Judge Comes Down Harshly on Harvey Weinstein Team’s Attempt to Ban Media From Jury Selection

Attorneys for Harvey Weinstein want reporters barred from jury selection for the movie producer’s rape trial in New York. The lawyers filed a new motion on Friday asking for individual jury selection — a move that was swiftly denied by Justice James Burke.

“Most people do not speak in front of the international media,” argued Weinstein’s attorney Arthur Aidala. “That’s not a normal case. I don’t think there is any other case in this building where a juror is going to say something and it’s going to be [reported in the press].”

The request for individual jury selection resulted in a contentious back and forth between Aidala and Burke. Presenting a motion to the judge, Aidala initially said, “After we conclude this type of dwindling down of the jury, we think it’s in both sides’ best interest — what has been done in other high-profile cases — to do individual sequestered jury selection.”

Barely letting Aidala finish his sentence, Burke forcefully ruled, “Denied!”

Asking the judge to at least read the motion, Burke said he would read it carefully over the weekend, but could not imagine changing his mind.

“Does it involve the public and the press not being able to be involved in the process of jury selection?” the judge asked with skepticism. “If there is something [a juror] needs to talk about privately, in that case, we may well do so. … What are you asking for? This is a really, really long letter, if that’s what you’re asking for.”

“I’m asking for more than that judge,” Aidala replied. “Can the court just read it?”

“That’s against the law!” Burke exclaimed, in response to the request for individual jury selection. Holding the paperwork, he then added, “I’ll read this, but I’m generally familiar with this area of the law.”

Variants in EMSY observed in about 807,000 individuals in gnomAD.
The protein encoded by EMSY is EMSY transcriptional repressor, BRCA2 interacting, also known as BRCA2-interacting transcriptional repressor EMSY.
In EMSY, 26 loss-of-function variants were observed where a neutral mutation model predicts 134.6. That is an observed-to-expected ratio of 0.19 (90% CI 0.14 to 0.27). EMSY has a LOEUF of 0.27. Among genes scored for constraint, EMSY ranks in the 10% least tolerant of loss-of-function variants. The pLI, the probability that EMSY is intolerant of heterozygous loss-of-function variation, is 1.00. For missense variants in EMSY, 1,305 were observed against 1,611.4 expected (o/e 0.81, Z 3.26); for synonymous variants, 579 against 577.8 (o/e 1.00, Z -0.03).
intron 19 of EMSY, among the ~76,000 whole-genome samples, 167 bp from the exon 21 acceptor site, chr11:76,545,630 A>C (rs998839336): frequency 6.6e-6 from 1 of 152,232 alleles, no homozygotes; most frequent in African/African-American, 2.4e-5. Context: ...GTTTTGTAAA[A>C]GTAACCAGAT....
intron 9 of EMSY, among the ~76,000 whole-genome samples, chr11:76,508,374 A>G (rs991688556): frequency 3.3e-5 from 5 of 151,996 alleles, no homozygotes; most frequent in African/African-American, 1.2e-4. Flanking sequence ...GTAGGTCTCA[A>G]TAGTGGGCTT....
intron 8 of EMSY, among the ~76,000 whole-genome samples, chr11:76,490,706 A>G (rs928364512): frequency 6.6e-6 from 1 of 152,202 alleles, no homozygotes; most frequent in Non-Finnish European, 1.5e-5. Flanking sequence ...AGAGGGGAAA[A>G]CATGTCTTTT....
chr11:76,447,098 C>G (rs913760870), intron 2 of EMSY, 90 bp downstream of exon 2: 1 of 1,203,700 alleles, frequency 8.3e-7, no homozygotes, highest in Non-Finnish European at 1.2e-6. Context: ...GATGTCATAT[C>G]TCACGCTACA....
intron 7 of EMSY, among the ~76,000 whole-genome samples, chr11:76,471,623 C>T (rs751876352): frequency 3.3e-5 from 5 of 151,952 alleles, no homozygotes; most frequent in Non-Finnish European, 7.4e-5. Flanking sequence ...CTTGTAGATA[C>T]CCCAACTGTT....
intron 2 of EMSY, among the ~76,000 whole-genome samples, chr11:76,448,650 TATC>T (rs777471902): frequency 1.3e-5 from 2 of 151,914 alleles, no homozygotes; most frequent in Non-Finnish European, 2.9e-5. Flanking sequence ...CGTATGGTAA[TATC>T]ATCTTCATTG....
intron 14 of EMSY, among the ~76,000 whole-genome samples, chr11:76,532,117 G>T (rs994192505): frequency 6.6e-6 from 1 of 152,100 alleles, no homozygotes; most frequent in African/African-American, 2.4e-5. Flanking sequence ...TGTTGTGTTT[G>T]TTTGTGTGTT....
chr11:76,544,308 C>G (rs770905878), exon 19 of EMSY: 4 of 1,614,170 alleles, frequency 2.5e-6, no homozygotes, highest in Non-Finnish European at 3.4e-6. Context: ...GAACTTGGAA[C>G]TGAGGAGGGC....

Glancing at the motion, the judge said he had read one paragraph. “I see that this is an end run around my ruling,” he noted.

At another point, Burke told Aidala, “I disagree with you on virtually every level.”

Weinstein’s trial commenced Monday and his legal team has taken pains to paint the proceedings as a media circus, one that prevents their client from getting a fair hearing. On Friday, they argued that potential jurors deserve privacy because they are going to be asked about personal matters such as their history with sexual assault. Aidala went on to argue that prospective jurors’ responses could prejudice other prospective jurors’ opinions.

“We just don’t want people blurting out their opinion on this particular case, this particular defendant,” he said.

Burke, whom Weinstein’s lawyers had unsuccessfully tried to have recused from the case, didn’t seem to buy the argument. He noted that potential jurors always have the option of choosing to answer questions confidentially and also appeared unmoved by the suggestion that potential jurors could be unduly influenced by the opinions of other members of the jury pool.

“Jurors blurt all matter of things out that are not great and are not desirable for entire jury panels to hear, and that is every jury selection,” said Burke. “It does not affect their [opinion] … that is just a truism of our system of justice.”

Aidala’s motion quoted from social media posts from some prospective jurors, arguing that some have not been candid in claiming to be impartial. One member of the jury pool tweeted on Tuesday: “If anyone knows how a person might hypothetically leverage serving on the jury of a high-profile case to promote their new novel… dm me, please.” The tweet has since been deleted.

Weinstein faces five charges stemming from accusations that he raped a woman in a hotel room in 2013, and forcibly performed oral sex on another woman in his apartment in 2006. Weinstein says any sexual activity was consensual. If convicted, he faces life in prison. He is also facing rape charges in Los Angeles.

Lawyers in New York will screen 118 potential jurors on Friday, as they try to find a bench of 12 jurors and six alternates. Following the same drill as the rest of the week, media was asked by the court to sit outside of the courtroom during the jury selection process and was strictly told not to take any photographs of the potential jurors as they were whisked into the courtroom past reporters in the hallway.